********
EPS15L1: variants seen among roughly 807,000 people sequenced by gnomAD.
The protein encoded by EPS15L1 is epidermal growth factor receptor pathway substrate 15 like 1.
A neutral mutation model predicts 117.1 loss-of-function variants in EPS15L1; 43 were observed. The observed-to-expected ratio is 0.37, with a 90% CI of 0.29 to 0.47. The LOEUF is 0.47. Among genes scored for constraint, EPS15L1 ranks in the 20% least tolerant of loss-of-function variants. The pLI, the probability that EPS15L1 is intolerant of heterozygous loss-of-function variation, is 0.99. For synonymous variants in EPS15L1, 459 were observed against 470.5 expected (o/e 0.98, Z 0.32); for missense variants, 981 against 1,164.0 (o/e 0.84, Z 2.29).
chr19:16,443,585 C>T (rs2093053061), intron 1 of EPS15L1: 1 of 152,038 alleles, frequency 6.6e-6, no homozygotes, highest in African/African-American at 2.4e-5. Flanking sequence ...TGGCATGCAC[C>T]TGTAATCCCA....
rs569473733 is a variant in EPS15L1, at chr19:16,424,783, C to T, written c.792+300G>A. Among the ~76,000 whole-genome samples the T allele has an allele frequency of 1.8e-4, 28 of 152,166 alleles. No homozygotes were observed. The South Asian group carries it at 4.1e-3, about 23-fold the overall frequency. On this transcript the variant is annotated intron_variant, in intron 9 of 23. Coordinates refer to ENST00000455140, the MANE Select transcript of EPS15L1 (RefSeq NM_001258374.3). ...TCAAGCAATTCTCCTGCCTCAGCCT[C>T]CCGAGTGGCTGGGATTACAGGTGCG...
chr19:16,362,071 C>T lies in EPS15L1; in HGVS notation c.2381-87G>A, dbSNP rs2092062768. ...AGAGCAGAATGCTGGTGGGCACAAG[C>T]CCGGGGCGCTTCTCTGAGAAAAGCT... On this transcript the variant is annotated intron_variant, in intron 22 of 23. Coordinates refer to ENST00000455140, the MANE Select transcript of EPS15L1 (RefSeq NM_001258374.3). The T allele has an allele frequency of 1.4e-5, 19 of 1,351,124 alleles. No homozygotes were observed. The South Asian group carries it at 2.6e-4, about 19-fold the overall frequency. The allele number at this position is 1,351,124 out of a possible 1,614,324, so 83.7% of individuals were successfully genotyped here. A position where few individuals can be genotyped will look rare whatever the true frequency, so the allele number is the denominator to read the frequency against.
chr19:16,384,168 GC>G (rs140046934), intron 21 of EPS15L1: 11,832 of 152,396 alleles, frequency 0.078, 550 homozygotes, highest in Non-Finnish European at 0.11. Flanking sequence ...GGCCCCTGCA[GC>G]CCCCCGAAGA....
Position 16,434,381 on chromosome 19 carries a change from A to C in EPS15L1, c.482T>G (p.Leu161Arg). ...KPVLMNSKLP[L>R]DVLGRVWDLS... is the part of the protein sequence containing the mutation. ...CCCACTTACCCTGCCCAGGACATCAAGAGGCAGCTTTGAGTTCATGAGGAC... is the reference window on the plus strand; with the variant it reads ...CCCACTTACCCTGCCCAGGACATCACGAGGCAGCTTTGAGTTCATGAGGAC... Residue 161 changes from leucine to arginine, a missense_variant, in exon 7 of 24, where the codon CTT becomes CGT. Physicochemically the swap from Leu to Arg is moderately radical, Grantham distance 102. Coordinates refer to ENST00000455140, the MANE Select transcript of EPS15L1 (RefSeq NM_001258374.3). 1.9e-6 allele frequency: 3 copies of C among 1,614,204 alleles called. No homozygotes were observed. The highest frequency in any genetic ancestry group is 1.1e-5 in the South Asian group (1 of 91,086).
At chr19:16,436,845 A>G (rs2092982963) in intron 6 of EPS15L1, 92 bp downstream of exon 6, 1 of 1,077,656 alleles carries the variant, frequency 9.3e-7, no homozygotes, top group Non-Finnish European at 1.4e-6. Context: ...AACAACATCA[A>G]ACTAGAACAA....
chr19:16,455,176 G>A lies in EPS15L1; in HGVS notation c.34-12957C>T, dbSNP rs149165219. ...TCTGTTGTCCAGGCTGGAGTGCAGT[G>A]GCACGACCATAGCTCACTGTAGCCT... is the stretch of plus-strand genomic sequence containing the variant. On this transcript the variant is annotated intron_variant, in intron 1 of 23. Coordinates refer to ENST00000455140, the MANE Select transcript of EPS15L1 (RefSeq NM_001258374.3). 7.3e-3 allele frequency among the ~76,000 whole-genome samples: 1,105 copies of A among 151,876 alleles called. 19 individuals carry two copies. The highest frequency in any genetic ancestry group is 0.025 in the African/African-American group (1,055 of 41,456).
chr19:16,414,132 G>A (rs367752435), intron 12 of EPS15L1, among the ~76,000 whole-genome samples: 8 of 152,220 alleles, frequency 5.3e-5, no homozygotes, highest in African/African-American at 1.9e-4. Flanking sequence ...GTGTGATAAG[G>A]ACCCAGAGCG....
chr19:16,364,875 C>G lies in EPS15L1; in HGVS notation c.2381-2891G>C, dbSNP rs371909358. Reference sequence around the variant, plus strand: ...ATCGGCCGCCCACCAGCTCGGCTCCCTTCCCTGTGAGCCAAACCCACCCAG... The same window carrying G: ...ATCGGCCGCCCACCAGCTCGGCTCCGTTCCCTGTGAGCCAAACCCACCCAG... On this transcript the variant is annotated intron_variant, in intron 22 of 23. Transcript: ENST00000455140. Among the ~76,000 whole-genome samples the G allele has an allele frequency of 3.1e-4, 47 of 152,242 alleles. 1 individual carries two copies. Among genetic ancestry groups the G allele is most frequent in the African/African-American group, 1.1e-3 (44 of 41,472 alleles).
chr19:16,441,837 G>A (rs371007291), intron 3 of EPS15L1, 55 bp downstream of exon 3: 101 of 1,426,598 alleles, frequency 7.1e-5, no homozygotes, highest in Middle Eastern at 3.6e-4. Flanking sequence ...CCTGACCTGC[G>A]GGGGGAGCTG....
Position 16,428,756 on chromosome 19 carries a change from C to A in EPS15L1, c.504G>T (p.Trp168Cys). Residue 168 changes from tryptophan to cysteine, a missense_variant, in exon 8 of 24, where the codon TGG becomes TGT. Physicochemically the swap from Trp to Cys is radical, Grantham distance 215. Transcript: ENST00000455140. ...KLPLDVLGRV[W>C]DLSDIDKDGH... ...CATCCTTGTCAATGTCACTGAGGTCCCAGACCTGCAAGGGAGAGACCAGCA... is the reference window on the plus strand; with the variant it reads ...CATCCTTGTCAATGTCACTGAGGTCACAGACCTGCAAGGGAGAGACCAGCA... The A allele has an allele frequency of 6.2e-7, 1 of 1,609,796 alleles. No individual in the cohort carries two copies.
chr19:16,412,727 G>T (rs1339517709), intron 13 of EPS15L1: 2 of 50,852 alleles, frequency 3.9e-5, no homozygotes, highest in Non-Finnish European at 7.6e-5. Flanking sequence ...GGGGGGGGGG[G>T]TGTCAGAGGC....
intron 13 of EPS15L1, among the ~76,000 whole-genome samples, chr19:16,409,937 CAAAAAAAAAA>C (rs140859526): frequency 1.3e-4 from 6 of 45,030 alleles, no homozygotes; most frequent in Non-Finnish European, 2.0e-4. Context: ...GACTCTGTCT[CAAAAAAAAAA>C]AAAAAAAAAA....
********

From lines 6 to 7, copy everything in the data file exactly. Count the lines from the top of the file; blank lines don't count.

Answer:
chr19:16,362,071 C>T lies in EPS15L1; in HGVS notation c.2381-87G>A, dbSNP rs2092062768. ...AGAGCAGAATGCTGGTGGGCACAAG[C>T]CCGGGGCGCTTCTCTGAGAAAAGCT... On this transcript the variant is annotated intron_variant, in intron 22 of 23. Coordinates refer to ENST00000455140, the MANE Select transcript of EPS15L1 (RefSeq NM_001258374.3). The T allele has an allele frequency of 1.4e-5, 19 of 1,351,124 alleles. No homozygotes were observed. The South Asian group carries it at 2.6e-4, about 19-fold the overall frequency. The allele number at this position is 1,351,124 out of a possible 1,614,324, so 83.7% of individuals were successfully genotyped here. A position where few individuals can be genotyped will look rare whatever the true frequency, so the allele number is the denominator to read the frequency against.
chr19:16,384,168 GC>G (rs140046934), intron 21 of EPS15L1: 11,832 of 152,396 alleles, frequency 0.078, 550 homozygotes, highest in Non-Finnish European at 0.11. Flanking sequence ...GGCCCCTGCA[GC>G]CCCCCGAAGA....